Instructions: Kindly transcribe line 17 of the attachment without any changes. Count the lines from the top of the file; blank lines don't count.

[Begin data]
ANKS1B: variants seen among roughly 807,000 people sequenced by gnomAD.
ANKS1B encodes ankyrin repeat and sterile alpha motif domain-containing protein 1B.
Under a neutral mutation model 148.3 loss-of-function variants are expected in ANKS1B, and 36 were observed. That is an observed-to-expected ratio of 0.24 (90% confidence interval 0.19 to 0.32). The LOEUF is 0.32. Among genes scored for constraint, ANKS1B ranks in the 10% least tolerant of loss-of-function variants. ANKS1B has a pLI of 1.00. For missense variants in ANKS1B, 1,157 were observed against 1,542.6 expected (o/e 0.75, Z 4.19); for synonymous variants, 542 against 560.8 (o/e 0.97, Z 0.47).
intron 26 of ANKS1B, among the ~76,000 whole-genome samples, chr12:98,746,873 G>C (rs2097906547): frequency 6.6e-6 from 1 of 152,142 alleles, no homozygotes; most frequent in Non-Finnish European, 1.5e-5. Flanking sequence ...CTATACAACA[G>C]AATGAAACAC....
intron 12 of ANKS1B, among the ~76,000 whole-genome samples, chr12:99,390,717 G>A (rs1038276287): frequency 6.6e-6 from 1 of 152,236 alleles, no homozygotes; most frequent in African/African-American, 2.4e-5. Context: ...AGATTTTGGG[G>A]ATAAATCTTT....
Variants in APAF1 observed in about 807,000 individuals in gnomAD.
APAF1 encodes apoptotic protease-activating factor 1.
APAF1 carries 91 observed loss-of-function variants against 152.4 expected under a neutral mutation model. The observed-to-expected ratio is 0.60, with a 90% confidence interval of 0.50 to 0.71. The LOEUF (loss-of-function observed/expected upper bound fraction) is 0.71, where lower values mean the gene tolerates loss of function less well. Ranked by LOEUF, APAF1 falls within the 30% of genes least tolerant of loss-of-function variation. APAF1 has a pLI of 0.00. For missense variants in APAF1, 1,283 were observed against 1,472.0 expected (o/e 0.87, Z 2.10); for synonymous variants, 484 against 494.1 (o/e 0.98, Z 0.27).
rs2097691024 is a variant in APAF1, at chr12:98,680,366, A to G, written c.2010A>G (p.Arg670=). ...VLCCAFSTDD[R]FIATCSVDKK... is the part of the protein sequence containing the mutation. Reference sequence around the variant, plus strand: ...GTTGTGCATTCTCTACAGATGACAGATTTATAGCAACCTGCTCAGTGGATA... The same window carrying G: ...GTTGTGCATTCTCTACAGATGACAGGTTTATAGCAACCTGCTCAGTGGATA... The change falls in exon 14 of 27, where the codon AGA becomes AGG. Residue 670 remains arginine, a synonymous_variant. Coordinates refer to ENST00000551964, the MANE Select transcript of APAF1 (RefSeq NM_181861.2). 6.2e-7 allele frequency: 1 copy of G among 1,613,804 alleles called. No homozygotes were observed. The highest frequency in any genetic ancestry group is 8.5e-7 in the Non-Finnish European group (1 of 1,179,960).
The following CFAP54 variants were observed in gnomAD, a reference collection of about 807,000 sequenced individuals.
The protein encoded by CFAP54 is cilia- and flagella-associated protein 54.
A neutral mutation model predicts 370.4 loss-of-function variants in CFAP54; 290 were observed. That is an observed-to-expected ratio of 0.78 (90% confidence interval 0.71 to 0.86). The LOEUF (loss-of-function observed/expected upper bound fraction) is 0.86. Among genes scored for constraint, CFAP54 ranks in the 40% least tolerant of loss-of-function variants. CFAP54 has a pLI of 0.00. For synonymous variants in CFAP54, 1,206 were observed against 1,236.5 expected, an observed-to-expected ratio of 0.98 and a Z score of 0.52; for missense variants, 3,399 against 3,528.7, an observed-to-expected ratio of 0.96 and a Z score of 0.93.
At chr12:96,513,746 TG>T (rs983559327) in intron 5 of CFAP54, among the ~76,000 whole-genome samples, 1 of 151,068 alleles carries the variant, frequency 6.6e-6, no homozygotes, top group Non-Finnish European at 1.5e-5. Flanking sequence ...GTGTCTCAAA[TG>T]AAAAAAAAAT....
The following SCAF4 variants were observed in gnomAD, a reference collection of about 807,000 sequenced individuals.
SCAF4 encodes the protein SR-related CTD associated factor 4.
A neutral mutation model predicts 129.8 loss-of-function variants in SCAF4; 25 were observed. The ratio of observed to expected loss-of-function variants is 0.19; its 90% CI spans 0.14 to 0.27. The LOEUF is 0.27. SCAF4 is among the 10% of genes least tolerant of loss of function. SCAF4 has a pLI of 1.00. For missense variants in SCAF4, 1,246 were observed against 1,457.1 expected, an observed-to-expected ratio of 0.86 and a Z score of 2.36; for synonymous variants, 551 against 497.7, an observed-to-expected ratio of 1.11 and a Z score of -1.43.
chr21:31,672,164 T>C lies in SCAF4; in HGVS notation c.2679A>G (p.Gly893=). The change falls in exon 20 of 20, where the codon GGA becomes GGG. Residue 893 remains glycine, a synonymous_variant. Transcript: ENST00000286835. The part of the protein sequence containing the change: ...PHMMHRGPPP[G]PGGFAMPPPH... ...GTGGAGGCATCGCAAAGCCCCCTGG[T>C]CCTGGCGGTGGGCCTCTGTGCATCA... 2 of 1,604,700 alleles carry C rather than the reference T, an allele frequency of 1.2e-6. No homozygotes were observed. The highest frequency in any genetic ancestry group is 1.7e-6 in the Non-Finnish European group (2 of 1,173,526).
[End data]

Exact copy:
chr21:31,672,164 T>C lies in SCAF4; in HGVS notation c.2679A>G (p.Gly893=). The change falls in exon 20 of 20, where the codon GGA becomes GGG. Residue 893 remains glycine, a synonymous_variant. Transcript: ENST00000286835. The part of the protein sequence containing the change: ...PHMMHRGPPP[G]PGGFAMPPPH... ...GTGGAGGCATCGCAAAGCCCCCTGG[T>C]CCTGGCGGTGGGCCTCTGTGCATCA... 2 of 1,604,700 alleles carry C rather than the reference T, an allele frequency of 1.2e-6. No homozygotes were observed. The highest frequency in any genetic ancestry group is 1.7e-6 in the Non-Finnish European group (2 of 1,173,526).